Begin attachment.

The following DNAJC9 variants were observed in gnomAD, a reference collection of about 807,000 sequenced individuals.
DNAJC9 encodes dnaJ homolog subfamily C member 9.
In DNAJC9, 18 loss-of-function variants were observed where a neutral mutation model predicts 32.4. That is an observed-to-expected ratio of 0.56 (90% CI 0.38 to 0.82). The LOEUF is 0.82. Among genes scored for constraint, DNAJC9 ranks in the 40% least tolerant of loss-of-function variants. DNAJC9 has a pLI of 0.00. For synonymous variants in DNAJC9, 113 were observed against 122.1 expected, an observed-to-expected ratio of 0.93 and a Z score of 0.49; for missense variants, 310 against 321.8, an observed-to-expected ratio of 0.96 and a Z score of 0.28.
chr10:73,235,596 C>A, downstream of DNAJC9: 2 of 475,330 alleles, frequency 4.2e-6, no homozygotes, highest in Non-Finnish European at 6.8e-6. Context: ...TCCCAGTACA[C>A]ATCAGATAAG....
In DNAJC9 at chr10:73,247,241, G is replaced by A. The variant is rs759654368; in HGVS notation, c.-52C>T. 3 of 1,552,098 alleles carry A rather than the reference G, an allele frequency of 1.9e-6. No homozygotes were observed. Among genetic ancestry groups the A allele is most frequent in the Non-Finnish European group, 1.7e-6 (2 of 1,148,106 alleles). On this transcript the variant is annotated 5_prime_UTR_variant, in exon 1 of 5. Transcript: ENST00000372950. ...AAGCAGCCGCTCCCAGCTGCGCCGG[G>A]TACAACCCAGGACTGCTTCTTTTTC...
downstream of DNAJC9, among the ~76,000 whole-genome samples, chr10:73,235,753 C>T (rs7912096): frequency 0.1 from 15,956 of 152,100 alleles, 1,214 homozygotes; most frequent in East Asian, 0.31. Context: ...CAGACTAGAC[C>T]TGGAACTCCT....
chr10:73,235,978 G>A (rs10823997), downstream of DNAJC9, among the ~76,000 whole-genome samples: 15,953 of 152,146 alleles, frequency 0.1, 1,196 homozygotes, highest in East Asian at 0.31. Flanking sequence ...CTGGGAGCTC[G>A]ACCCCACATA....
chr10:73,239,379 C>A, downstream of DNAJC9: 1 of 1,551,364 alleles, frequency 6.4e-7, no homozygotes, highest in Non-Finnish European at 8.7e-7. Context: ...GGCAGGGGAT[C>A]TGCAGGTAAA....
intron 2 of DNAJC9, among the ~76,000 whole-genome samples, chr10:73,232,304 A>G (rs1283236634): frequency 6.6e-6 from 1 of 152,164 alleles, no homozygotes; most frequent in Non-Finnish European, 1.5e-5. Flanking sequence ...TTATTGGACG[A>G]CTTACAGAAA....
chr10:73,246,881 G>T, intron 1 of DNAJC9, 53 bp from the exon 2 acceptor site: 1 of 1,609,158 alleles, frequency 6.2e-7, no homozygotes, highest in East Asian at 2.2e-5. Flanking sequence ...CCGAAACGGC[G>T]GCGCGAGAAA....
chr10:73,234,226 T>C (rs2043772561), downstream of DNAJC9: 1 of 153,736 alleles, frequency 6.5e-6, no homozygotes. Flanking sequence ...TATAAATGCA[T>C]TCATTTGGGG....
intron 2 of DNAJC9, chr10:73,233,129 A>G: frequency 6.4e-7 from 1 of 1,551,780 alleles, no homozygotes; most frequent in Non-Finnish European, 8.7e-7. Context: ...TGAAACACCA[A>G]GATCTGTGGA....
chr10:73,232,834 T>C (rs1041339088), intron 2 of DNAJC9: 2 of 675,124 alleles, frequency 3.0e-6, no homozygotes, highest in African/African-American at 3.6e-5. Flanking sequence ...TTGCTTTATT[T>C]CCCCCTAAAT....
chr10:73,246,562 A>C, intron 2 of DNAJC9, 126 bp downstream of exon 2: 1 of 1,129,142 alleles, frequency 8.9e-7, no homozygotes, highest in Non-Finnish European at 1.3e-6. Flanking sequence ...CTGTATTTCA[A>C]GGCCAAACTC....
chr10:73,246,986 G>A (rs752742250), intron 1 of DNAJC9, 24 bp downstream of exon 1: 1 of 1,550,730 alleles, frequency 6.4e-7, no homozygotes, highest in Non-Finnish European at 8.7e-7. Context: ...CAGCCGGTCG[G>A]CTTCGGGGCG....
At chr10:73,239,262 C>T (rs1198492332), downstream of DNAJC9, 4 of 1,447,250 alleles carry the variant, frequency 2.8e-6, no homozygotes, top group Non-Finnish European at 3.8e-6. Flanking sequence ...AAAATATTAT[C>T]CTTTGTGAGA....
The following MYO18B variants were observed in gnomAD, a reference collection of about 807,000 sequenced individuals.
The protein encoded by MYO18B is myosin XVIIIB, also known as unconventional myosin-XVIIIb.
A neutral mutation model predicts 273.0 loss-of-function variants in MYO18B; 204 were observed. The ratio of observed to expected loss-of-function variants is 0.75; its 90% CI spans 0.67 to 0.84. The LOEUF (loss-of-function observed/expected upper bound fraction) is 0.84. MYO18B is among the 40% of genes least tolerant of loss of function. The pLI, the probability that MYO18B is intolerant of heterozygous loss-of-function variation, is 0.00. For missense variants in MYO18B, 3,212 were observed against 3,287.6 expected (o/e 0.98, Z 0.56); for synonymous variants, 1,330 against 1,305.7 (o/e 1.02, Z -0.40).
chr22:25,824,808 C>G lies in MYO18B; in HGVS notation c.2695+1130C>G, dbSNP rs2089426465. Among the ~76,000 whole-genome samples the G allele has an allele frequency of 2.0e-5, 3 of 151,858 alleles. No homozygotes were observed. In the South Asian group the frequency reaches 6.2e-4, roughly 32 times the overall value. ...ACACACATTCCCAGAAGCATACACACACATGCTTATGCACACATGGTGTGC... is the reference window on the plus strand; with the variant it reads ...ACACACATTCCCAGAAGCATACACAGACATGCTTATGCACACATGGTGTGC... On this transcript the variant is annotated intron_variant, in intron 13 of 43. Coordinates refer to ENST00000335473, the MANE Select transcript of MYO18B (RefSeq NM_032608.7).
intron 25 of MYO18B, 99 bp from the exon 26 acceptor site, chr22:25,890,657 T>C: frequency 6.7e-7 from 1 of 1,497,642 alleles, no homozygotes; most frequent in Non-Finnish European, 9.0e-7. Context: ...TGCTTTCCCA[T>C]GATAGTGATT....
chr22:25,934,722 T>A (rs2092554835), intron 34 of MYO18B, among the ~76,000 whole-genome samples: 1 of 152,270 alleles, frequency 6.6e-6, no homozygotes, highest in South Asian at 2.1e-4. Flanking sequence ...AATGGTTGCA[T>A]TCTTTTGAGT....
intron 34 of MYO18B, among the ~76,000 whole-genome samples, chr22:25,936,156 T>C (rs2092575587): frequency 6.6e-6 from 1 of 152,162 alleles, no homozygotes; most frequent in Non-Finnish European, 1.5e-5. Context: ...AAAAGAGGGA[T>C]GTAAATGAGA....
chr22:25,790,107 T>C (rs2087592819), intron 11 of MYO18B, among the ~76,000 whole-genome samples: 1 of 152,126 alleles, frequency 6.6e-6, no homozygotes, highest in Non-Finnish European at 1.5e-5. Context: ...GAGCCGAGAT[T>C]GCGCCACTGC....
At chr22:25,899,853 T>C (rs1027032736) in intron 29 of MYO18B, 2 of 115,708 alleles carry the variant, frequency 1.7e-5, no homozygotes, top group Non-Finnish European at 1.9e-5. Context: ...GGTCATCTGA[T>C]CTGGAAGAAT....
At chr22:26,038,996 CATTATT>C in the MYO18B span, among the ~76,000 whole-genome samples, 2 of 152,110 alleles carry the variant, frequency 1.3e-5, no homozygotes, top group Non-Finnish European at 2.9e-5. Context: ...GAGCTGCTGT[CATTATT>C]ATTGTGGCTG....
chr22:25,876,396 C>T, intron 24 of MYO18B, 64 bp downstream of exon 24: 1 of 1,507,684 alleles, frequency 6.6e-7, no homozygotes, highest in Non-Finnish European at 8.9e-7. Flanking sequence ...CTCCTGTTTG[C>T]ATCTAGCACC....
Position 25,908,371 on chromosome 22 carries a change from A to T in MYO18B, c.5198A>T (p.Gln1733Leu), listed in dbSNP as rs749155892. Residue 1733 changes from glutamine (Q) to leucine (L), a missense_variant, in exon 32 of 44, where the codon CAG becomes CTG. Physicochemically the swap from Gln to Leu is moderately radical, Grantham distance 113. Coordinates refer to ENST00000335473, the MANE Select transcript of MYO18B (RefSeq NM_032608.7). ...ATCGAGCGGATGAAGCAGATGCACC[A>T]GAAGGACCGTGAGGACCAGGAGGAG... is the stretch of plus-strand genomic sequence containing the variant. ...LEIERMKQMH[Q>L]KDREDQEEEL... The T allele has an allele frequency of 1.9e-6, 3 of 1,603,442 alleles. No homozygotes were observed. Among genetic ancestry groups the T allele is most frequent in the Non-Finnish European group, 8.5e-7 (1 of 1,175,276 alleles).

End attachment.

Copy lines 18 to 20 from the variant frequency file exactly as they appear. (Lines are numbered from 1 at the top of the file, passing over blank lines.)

The protein encoded by MYO18B is myosin XVIIIB, also known as unconventional myosin-XVIIIb.
A neutral mutation model predicts 273.0 loss-of-function variants in MYO18B; 204 were observed. The ratio of observed to expected loss-of-function variants is 0.75; its 90% CI spans 0.67 to 0.84. The LOEUF (loss-of-function observed/expected upper bound fraction) is 0.84. MYO18B is among the 40% of genes least tolerant of loss of function. The pLI, the probability that MYO18B is intolerant of heterozygous loss-of-function variation, is 0.00. For missense variants in MYO18B, 3,212 were observed against 3,287.6 expected (o/e 0.98, Z 0.56); for synonymous variants, 1,330 against 1,305.7 (o/e 1.02, Z -0.40).
chr22:25,824,808 C>G lies in MYO18B; in HGVS notation c.2695+1130C>G, dbSNP rs2089426465. Among the ~76,000 whole-genome samples the G allele has an allele frequency of 2.0e-5, 3 of 151,858 alleles. No homozygotes were observed. In the South Asian group the frequency reaches 6.2e-4, roughly 32 times the overall value. ...ACACACATTCCCAGAAGCATACACACACATGCTTATGCACACATGGTGTGC... is the reference window on the plus strand; with the variant it reads ...ACACACATTCCCAGAAGCATACACAGACATGCTTATGCACACATGGTGTGC... On this transcript the variant is annotated intron_variant, in intron 13 of 43. Coordinates refer to ENST00000335473, the MANE Select transcript of MYO18B (RefSeq NM_032608.7).